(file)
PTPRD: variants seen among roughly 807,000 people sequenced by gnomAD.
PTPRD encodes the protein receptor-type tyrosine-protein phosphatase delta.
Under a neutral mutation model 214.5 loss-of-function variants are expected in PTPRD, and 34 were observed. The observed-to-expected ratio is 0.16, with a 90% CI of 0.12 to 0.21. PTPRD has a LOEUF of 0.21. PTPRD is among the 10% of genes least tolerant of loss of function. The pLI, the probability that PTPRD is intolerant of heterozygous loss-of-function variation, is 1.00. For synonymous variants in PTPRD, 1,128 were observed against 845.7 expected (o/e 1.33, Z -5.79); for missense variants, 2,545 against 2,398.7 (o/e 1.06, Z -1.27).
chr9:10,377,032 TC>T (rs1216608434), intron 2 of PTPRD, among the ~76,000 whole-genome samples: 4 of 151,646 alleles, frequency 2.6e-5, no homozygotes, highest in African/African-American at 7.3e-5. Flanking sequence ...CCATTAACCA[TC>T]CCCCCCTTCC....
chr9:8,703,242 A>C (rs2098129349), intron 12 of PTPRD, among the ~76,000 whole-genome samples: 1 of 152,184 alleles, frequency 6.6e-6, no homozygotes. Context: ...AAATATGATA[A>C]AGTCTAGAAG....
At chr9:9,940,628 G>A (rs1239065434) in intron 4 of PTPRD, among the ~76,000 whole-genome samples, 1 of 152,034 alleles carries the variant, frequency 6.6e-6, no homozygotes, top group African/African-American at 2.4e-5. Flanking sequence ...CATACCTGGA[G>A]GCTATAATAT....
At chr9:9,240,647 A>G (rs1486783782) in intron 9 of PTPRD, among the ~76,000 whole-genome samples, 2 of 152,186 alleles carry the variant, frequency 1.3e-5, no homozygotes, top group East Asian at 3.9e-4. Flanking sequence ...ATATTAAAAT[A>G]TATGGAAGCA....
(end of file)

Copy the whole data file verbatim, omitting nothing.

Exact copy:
PTPRD: variants seen among roughly 807,000 people sequenced by gnomAD.
PTPRD encodes the protein receptor-type tyrosine-protein phosphatase delta.
Under a neutral mutation model 214.5 loss-of-function variants are expected in PTPRD, and 34 were observed. The observed-to-expected ratio is 0.16, with a 90% CI of 0.12 to 0.21. PTPRD has a LOEUF of 0.21. PTPRD is among the 10% of genes least tolerant of loss of function. The pLI, the probability that PTPRD is intolerant of heterozygous loss-of-function variation, is 1.00. For synonymous variants in PTPRD, 1,128 were observed against 845.7 expected (o/e 1.33, Z -5.79); for missense variants, 2,545 against 2,398.7 (o/e 1.06, Z -1.27).
chr9:10,377,032 TC>T (rs1216608434), intron 2 of PTPRD, among the ~76,000 whole-genome samples: 4 of 151,646 alleles, frequency 2.6e-5, no homozygotes, highest in African/African-American at 7.3e-5. Flanking sequence ...CCATTAACCA[TC>T]CCCCCCTTCC....
chr9:8,703,242 A>C (rs2098129349), intron 12 of PTPRD, among the ~76,000 whole-genome samples: 1 of 152,184 alleles, frequency 6.6e-6, no homozygotes. Context: ...AAATATGATA[A>C]AGTCTAGAAG....
At chr9:9,940,628 G>A (rs1239065434) in intron 4 of PTPRD, among the ~76,000 whole-genome samples, 1 of 152,034 alleles carries the variant, frequency 6.6e-6, no homozygotes, top group African/African-American at 2.4e-5. Flanking sequence ...CATACCTGGA[G>A]GCTATAATAT....
At chr9:9,240,647 A>G (rs1486783782) in intron 9 of PTPRD, among the ~76,000 whole-genome samples, 2 of 152,186 alleles carry the variant, frequency 1.3e-5, no homozygotes, top group East Asian at 3.9e-4. Flanking sequence ...ATATTAAAAT[A>G]TATGGAAGCA....